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I'm Going Home (2001)

Je rentre à la maison (original title)
Not Rated | | Comedy, Drama | 12 September 2001 (France)
The comfortable daily routines of aging Parisian actor Gilbert Valence, 76, are suddenly shaken when he learns that his wife, daughter, and son-in-law have been killed in a car crash.


Manoel de Oliveira


Manoel de Oliveira (scenario and dialogue), Eugène Ionesco (play) | 3 more credits »
5 wins & 5 nominations. See more awards »




Cast overview, first billed only:
Michel Piccoli ... Gilbert Valence
Catherine Deneuve ... Marguerite
John Malkovich ... John Crawford, Film Director
Antoine Chappey Antoine Chappey ... George
Leonor Baldaque Leonor Baldaque ... Sylvia
Leonor Silveira ... Marie
Ricardo Trêpa ... Guard
Jean-Michel Arnold Jean-Michel Arnold ... Doctor
Adrien de Van Adrien de Van ... Ferdinand
Sylvie Testud ... Ariel
Isabel Ruth ... Milkmaid
Andrew Wale Andrew Wale ... Stephen
Robert Dauney Robert Dauney ... Haines
Jean Koeltgen Jean Koeltgen ... Serge
Mauricette Gourdon Mauricette Gourdon ... Guilhermine, the Housekeeper


The comfortable daily routines of aging Parisian actor Gilbert Valence, 76, are suddenly shaken when he learns that his wife, daughter, and son-in-law have been killed in a car crash. Having to take care of his now-orphaned grandson, he struggles to go on with his lifelong acting career like he's used to. But the roles he is offered -- a flashy TV show and a hectic last-minute replacement in an English-language film of Joyce's Ulysses -- finally convince him that it's time to retire. Written by Markku Kuoppamäki

Plot Summary | Add Synopsis


Comedy | Drama


Not Rated | See all certifications »

Did You Know?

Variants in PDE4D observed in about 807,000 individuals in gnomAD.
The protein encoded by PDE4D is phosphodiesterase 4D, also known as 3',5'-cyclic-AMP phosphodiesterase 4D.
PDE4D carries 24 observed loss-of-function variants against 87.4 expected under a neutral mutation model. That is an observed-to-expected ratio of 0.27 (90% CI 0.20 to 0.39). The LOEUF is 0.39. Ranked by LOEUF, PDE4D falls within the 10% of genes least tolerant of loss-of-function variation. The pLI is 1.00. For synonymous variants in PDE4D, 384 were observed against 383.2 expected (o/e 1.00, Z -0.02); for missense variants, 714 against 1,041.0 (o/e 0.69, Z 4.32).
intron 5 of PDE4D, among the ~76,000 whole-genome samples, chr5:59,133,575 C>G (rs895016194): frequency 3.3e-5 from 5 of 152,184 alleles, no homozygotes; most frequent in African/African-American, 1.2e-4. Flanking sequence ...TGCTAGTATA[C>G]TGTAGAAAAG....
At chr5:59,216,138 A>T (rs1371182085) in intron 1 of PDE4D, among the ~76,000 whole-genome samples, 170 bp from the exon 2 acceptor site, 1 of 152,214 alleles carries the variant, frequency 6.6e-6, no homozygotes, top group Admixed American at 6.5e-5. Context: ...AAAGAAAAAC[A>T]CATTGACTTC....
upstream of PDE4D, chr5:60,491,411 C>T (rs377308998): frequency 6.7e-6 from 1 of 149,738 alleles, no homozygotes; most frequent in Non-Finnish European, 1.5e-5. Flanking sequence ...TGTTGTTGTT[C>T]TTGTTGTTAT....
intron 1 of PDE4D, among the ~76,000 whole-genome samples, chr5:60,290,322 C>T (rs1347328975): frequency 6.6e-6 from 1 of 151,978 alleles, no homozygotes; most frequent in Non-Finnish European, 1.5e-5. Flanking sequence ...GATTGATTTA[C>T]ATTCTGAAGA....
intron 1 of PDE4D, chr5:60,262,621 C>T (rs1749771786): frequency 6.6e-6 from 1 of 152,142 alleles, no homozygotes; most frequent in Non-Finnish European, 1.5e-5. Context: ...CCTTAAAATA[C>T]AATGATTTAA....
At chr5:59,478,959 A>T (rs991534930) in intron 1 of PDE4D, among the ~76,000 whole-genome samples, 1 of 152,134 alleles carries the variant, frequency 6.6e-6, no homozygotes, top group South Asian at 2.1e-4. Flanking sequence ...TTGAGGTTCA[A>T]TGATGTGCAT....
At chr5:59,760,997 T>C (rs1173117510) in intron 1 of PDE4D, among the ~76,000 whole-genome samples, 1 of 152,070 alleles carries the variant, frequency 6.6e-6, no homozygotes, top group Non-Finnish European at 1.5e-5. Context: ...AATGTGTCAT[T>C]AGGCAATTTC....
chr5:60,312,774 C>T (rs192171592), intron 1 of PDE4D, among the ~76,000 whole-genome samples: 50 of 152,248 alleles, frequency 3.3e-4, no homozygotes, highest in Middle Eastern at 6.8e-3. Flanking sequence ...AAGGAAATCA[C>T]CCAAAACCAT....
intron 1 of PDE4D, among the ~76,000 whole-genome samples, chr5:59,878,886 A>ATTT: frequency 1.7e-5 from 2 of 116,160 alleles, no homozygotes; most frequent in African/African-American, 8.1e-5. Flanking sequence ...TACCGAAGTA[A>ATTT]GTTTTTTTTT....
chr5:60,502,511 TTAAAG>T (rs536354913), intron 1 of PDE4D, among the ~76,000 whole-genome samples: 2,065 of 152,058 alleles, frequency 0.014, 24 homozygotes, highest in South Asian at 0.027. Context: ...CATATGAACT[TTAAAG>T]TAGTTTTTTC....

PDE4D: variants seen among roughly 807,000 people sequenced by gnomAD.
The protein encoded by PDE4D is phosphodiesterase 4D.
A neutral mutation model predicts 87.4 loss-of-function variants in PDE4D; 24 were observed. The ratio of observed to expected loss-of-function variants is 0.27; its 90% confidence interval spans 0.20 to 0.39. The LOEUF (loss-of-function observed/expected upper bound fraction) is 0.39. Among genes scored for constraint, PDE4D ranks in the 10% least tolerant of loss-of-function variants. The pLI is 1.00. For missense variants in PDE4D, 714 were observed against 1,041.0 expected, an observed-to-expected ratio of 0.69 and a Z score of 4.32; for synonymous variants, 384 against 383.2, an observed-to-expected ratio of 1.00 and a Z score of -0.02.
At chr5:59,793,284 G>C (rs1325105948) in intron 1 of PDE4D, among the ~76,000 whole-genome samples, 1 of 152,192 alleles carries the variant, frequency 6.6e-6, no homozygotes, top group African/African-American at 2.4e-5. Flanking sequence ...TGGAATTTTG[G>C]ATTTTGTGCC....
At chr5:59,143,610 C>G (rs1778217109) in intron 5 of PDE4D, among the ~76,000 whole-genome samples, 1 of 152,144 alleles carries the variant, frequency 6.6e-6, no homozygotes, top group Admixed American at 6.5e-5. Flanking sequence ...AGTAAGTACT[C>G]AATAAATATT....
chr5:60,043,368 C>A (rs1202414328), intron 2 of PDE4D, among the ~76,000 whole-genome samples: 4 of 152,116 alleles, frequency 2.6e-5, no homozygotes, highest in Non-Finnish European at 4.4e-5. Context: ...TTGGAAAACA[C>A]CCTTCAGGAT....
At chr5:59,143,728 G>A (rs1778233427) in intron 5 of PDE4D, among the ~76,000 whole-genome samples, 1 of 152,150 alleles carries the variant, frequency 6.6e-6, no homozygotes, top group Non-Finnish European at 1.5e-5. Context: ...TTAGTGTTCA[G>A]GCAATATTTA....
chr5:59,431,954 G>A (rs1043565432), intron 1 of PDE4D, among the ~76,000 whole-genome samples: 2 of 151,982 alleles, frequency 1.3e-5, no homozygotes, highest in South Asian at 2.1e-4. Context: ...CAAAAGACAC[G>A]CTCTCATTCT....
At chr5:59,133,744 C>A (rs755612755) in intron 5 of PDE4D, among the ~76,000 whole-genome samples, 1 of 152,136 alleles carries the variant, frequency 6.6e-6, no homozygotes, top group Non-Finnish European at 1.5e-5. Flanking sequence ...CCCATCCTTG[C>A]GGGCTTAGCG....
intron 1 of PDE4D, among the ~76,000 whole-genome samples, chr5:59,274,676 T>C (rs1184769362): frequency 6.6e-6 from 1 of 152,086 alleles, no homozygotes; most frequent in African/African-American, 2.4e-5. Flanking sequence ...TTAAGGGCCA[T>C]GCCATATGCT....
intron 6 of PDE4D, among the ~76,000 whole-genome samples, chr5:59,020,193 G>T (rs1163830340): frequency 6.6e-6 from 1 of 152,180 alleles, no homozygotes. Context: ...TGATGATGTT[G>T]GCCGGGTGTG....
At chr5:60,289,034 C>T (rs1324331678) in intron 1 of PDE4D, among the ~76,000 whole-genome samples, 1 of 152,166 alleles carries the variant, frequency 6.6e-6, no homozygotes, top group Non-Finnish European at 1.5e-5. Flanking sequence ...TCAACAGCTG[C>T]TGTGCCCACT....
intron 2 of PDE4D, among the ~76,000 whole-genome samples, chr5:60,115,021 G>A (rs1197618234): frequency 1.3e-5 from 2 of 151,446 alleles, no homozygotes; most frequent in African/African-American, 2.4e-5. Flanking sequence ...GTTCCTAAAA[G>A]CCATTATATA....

Le Figaro is considered a right-wing newspaper in France. Therefore, the Café scenes are a joke with the average conservative French man. See more »


Referenced in Faust. Der Tragödie erster Teil (2009) See more »


Le Pont Mirabeau
Lyrics by Guillaume Apollinaire
Written by Léo Ferré
(c) 1952 by Les Nouvelles Edition Méridian - Paris, Fr.
See more »

User Reviews

A moving and subtle masterpiece
12 September 2002 | by wjficklingSee all my reviews

Anyone who thinks this movie is boring is a horse's ass who should stick to car chase movies. This is a brilliant, moving, and subtle film that is all the more poignant because, it's director being a nonagenarian, it could well be his swan song, and that of its 76 year old principal as well. De Oliveira, like his lead character, will not compromise his principles by dumbing down his material. Much of the film is silent, i.e., with no dialogue precisely because it is a film, a visual medium, not a play. The done is set by De Oliveira's daring opening, which consists of its actor-character enacting the finale of an Ionesco play, which goes on for over 15 minutes. A daring move that pays off because, perhaps predictably, what happens in the play is a predictor of what is to come. The film is not unlike King Lear, in that it stresses the sadness of seeing one who once had greatness, and who still has flashes of it, in decline and perhaps at the end of his powers. It is a sublime meditation on the inevitability of death and the foolishness of fighting it. A minor masterpiece.

Rating: 9/10

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France | Portugal


French | English

Release Date:

12 September 2001 (France) See more »

Also Known As:

I'm Going Home See more »


Box Office


FRF18,000,000 (estimated)

Opening Weekend USA:

$12,024, 18 August 2002

Gross USA:


Cumulative Worldwide Gross:

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Company Credits

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Technical Specs


Sound Mix:




Aspect Ratio:

1.66 : 1
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